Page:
Leading representative of Marxist feminism, Federici comes from the tradition of Italian workerism (operaismo). Her activist and research activity began in Italy where she participated in pioneering debates and the struggle for the recognition of housework. In the 1970s, she was among the co-founders of the international Feminist Collective and helped organise the “Wages for Housework Campaign” in the USA. Her article, “Wages Against Housework” has become the manifesto of the movement’s postulates.
In the 1980s, she did research and lectured in Nigeria where she became interested in the issue of African states’ debt and the influence of neoliberal reforms on social well-being, in particular the situation of women. She was the co-founder of the Committee for Academic Freedom in Africa which coordinated universities’ fight against the neoliberal Structural Adjustment Programme.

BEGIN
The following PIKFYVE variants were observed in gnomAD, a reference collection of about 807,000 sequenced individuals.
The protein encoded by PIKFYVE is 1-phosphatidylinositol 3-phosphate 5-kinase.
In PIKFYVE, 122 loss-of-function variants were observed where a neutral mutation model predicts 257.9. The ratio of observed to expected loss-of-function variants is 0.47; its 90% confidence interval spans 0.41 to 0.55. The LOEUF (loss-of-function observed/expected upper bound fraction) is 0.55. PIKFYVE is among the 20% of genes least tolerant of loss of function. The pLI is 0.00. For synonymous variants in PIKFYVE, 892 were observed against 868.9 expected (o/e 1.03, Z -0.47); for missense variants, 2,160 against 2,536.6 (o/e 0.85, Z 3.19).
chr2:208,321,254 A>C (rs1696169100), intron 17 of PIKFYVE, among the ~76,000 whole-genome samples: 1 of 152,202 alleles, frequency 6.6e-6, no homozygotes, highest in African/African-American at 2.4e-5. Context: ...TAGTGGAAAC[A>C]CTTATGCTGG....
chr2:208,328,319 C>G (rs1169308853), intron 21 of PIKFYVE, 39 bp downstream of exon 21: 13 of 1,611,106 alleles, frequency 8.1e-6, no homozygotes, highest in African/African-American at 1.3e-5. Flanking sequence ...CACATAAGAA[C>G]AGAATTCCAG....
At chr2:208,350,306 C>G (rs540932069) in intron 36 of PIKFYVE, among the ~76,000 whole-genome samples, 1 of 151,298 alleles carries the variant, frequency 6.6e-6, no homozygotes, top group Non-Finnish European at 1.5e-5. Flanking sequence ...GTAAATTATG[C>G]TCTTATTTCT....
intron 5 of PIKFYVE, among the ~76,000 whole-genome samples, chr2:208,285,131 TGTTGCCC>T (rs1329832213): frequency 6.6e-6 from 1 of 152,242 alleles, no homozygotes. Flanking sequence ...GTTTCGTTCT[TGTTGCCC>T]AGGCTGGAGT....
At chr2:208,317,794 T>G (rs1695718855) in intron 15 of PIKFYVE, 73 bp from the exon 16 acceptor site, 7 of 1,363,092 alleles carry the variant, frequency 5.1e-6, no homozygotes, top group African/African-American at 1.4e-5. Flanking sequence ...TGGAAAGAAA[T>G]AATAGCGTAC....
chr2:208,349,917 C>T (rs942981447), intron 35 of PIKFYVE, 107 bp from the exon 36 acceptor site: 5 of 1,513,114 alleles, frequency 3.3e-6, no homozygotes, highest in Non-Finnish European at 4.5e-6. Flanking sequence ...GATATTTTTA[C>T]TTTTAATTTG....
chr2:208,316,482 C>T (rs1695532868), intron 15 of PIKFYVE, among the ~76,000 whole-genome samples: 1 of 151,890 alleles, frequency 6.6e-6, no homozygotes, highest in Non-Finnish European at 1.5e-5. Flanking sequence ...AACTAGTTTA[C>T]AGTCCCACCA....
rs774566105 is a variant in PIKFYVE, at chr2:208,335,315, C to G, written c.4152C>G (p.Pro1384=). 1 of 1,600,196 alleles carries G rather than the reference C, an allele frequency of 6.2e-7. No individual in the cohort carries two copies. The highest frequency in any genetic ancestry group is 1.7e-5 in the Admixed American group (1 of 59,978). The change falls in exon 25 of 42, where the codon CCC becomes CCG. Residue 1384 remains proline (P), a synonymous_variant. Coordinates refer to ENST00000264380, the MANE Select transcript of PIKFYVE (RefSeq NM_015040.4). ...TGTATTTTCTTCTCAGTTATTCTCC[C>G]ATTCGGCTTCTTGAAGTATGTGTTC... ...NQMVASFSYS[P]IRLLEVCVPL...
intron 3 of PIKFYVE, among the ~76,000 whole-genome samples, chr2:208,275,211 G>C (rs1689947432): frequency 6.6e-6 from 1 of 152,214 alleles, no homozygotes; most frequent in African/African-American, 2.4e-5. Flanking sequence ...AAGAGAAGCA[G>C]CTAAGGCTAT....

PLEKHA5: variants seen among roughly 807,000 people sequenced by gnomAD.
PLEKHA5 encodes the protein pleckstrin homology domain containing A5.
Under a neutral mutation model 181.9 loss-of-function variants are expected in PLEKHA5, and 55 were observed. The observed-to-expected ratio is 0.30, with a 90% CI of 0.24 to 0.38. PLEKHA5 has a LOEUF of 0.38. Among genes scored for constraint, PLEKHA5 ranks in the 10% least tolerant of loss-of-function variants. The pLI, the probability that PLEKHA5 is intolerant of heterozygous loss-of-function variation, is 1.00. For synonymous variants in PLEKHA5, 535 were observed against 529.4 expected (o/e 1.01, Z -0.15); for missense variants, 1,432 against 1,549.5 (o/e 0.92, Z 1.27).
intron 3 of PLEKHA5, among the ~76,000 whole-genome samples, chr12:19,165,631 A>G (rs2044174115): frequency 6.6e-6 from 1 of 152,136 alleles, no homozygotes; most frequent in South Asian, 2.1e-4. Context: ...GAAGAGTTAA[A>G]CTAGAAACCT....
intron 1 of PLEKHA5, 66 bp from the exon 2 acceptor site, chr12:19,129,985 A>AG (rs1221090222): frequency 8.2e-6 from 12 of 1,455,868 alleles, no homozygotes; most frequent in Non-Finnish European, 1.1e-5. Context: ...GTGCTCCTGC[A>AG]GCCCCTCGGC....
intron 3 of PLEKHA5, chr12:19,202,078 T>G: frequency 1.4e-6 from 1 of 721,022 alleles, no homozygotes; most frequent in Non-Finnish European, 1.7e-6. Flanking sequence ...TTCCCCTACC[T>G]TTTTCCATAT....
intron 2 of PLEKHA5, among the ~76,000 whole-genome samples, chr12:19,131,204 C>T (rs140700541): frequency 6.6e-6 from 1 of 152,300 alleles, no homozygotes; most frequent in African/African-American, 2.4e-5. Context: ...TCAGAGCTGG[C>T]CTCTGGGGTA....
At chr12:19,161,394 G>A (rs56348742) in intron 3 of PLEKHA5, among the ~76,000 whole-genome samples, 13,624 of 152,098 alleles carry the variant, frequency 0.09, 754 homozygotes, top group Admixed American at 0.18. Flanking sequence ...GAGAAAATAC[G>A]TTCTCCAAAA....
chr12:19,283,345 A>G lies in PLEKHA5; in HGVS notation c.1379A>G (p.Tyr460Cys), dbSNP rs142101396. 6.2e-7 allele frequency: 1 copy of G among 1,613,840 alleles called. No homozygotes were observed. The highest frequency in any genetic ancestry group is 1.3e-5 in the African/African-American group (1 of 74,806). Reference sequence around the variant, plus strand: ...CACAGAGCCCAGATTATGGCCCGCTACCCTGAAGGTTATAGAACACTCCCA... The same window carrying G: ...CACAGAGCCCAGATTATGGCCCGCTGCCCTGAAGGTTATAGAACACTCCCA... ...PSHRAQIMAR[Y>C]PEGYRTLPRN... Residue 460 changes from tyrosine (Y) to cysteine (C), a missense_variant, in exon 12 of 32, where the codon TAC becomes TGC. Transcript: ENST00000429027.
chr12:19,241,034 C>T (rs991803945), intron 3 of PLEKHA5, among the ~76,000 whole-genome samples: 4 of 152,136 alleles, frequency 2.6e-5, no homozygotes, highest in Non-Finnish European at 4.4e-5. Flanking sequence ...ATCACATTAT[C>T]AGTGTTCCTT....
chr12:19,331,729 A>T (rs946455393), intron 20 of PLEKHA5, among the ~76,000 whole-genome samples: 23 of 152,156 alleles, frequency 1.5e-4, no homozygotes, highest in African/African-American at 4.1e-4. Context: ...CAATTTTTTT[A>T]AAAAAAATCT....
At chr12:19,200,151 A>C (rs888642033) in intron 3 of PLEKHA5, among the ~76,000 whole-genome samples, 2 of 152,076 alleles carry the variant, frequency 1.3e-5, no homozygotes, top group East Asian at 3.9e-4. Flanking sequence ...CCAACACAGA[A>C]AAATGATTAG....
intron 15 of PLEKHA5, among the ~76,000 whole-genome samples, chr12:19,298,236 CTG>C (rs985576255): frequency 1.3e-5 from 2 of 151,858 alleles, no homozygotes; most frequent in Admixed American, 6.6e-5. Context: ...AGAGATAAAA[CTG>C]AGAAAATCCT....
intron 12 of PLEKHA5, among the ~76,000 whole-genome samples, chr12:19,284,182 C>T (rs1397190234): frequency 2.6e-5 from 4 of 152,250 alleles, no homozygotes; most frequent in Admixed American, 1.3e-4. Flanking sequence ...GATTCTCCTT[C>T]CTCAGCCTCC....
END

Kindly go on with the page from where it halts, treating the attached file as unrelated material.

Federici is also involved with the work of the Midnight Notes collective with which she develops the critique of capitalism focused on the global process of constant enclosures of the commons and plebeian fight in their defence. She has become one of the most important theoreticians of the alterglobalist movement.
Her most famous book, “Caliban and the Witch: Women, the Body and Primitive Accumulation” was the foundation for her subsequent works. In that book, Federici interprets organised campaigns against “witches” as the key process in the transition from feudalism to capitalism, in the course of which the plebs was dispossessed of the commons and women’s bodies and sexuality fell victim to repression. According to Federici, subsequent phases of capital accumulation are dictated by the destruction of common goods – access to land, water, seeds, community bonds – which contributes to the social degradation of women until this day.